Floods destroy historic sequoia tree

A California landmark that stood for more than a century is no more.

Flooding in California brought down the giant sequoia that was known as "pioneer cabin," ABC News reported.

The tree was so large that in the 1880s the tree was hollowed out to allow cars to drive through it. Recently, only hikers were allowed to walk through the archway, the San Francisco Gate reported.

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In photos posted by the Calaveras Big Trees Association, the historic marker still stands covered in splinters from the tree.

The Pioneer Cabin tree has fallen! This iconic and still living tree - the tunnel tree - enchanted many visitors. The storm was just too much for it. Thank you, Jim Allday, for the word and the photos.

Posted by Calaveras Big Trees Association on Sunday, January 8, 2017

Past visitors to the tree shared their photos in the association's post in memory of what used to be.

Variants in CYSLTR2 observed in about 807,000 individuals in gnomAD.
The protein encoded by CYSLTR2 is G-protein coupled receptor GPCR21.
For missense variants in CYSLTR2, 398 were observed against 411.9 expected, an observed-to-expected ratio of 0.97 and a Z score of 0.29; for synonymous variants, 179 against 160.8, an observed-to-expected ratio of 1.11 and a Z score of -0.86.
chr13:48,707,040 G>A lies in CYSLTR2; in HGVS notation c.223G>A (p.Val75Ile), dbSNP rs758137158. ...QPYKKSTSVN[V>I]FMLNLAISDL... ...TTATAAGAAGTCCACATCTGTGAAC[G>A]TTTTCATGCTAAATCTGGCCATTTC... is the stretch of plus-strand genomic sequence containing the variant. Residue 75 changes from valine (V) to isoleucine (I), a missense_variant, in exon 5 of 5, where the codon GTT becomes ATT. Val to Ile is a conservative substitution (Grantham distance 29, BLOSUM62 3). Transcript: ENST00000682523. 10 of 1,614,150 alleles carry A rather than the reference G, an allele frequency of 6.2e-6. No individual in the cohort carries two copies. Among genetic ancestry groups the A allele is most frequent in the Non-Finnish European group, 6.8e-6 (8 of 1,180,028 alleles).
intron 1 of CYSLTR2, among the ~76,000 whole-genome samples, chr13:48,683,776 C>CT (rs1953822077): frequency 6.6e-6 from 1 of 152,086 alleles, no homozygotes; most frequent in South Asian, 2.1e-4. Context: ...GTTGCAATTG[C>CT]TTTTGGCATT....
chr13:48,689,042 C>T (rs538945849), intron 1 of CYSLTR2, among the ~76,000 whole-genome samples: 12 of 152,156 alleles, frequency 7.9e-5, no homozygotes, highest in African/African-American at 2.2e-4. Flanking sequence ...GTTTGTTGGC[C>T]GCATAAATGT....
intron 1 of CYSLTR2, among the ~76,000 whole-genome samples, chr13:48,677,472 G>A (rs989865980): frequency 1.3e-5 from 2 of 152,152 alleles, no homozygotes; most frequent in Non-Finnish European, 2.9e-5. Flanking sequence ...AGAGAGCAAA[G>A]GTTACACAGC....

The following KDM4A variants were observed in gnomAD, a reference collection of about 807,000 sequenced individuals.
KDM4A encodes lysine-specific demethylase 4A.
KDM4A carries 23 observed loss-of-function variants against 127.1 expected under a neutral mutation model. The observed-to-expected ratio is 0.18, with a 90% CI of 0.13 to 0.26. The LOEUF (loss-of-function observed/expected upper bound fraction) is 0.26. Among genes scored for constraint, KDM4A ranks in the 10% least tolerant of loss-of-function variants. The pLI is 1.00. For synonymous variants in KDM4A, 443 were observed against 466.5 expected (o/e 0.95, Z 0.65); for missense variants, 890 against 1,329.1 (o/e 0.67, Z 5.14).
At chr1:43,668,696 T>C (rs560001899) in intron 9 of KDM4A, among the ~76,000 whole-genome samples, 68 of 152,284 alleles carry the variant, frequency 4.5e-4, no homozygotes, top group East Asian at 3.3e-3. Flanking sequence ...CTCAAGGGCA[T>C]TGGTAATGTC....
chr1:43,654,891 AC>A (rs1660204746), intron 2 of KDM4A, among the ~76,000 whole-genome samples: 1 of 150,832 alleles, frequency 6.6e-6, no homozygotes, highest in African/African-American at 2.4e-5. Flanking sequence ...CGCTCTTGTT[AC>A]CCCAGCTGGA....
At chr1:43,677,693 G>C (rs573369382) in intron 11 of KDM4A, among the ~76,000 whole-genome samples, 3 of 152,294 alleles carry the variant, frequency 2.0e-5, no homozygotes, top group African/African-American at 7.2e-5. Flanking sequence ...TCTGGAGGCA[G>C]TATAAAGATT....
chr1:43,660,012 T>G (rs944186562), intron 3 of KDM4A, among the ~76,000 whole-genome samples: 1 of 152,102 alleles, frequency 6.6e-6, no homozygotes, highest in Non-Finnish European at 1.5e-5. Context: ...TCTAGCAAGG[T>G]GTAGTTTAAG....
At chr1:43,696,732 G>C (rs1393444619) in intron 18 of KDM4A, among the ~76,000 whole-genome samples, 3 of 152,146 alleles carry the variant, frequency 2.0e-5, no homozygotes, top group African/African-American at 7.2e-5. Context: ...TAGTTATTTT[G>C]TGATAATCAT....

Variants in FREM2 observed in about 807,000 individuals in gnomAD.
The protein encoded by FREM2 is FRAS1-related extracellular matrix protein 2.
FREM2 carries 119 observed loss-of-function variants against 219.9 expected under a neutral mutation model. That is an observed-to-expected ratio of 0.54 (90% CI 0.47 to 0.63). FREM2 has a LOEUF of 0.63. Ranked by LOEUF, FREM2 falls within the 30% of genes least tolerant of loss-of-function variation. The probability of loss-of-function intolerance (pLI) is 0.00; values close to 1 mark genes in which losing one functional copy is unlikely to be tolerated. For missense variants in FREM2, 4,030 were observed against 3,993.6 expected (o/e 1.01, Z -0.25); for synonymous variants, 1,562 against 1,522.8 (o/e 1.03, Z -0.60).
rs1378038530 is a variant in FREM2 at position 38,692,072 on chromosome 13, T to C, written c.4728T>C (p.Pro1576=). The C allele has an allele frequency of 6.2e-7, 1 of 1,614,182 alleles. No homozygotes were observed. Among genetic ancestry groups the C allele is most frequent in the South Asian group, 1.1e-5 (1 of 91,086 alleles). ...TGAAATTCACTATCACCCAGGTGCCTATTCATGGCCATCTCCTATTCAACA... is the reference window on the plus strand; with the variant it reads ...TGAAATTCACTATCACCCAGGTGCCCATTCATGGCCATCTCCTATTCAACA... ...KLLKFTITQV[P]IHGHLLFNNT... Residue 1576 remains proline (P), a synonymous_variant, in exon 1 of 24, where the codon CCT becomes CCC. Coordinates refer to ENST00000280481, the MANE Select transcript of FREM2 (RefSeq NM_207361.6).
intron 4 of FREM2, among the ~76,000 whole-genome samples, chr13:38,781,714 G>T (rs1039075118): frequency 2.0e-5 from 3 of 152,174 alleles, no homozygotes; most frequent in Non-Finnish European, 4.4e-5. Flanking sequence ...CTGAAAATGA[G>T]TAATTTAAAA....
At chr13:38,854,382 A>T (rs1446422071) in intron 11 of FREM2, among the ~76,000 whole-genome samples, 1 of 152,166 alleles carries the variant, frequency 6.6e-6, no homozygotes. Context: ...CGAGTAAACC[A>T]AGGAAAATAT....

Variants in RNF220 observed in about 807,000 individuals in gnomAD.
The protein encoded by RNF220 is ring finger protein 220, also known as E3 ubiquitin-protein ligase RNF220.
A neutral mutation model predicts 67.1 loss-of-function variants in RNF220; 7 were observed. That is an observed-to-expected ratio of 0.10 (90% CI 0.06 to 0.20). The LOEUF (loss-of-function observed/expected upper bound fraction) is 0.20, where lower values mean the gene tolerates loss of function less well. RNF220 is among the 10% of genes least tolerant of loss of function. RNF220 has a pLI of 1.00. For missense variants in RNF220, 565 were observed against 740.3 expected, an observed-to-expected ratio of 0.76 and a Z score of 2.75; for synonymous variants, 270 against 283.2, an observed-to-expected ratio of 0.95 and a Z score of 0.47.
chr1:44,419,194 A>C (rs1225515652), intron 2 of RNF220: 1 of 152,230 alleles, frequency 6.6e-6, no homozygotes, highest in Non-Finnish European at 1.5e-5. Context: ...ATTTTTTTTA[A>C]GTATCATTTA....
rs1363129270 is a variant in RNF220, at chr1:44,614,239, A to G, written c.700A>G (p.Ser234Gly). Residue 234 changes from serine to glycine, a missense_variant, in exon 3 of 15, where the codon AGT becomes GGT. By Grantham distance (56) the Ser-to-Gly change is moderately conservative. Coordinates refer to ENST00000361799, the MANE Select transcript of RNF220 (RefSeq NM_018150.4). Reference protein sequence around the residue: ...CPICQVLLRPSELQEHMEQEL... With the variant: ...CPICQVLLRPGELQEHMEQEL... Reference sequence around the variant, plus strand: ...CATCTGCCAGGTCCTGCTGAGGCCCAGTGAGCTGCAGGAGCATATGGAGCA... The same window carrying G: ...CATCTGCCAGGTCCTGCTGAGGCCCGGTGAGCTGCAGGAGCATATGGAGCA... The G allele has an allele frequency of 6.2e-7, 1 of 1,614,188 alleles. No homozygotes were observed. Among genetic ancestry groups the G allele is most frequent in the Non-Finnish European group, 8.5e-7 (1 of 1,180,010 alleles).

A volunteer in the park said the tree came down Sunday afternoon, only a few hours after visitors walked through it. Jim Allday said the tree shattered when it hit the ground, the San Francisco Gate reported.

And why exactly it came down isn't known, Allday speculated it was because the giant sequoia's roots only went two to four feet deep and recent flooding.

Another volunteer said the tree had been weakening and had been leaning for several days, adding that it was "barely alive" and had only one branch at the top that was alive before it fell.

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